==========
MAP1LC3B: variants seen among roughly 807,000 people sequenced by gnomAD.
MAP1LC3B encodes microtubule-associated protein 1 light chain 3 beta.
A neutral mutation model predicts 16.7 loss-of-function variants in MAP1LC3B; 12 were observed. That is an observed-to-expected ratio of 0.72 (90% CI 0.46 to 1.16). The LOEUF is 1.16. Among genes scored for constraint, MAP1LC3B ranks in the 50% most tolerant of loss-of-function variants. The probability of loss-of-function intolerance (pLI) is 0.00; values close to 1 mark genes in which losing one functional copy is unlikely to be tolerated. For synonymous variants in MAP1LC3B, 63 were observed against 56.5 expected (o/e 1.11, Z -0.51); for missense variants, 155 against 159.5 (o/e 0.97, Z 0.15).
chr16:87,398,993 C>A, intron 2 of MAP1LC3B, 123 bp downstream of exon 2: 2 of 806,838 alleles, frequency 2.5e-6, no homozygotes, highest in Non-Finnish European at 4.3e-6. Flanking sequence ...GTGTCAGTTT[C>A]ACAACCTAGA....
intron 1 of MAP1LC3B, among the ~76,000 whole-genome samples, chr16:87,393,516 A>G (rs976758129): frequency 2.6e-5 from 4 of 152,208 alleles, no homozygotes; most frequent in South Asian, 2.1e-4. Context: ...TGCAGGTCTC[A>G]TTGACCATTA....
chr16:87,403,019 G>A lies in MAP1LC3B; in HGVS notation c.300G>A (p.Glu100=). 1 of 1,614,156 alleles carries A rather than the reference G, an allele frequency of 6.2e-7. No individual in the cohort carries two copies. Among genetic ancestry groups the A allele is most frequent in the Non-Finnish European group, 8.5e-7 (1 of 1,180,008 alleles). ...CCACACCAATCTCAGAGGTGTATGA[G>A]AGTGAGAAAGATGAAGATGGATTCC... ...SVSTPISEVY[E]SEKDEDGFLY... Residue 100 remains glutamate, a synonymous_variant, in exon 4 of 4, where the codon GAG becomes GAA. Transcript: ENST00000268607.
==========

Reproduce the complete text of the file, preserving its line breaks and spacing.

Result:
MAP1LC3B: variants seen among roughly 807,000 people sequenced by gnomAD.
MAP1LC3B encodes microtubule-associated protein 1 light chain 3 beta.
A neutral mutation model predicts 16.7 loss-of-function variants in MAP1LC3B; 12 were observed. That is an observed-to-expected ratio of 0.72 (90% CI 0.46 to 1.16). The LOEUF is 1.16. Among genes scored for constraint, MAP1LC3B ranks in the 50% most tolerant of loss-of-function variants. The probability of loss-of-function intolerance (pLI) is 0.00; values close to 1 mark genes in which losing one functional copy is unlikely to be tolerated. For synonymous variants in MAP1LC3B, 63 were observed against 56.5 expected (o/e 1.11, Z -0.51); for missense variants, 155 against 159.5 (o/e 0.97, Z 0.15).
chr16:87,398,993 C>A, intron 2 of MAP1LC3B, 123 bp downstream of exon 2: 2 of 806,838 alleles, frequency 2.5e-6, no homozygotes, highest in Non-Finnish European at 4.3e-6. Flanking sequence ...GTGTCAGTTT[C>A]ACAACCTAGA....
intron 1 of MAP1LC3B, among the ~76,000 whole-genome samples, chr16:87,393,516 A>G (rs976758129): frequency 2.6e-5 from 4 of 152,208 alleles, no homozygotes; most frequent in South Asian, 2.1e-4. Context: ...TGCAGGTCTC[A>G]TTGACCATTA....
chr16:87,403,019 G>A lies in MAP1LC3B; in HGVS notation c.300G>A (p.Glu100=). 1 of 1,614,156 alleles carries A rather than the reference G, an allele frequency of 6.2e-7. No individual in the cohort carries two copies. Among genetic ancestry groups the A allele is most frequent in the Non-Finnish European group, 8.5e-7 (1 of 1,180,008 alleles). ...CCACACCAATCTCAGAGGTGTATGA[G>A]AGTGAGAAAGATGAAGATGGATTCC... ...SVSTPISEVY[E]SEKDEDGFLY... Residue 100 remains glutamate, a synonymous_variant, in exon 4 of 4, where the codon GAG becomes GAA. Transcript: ENST00000268607.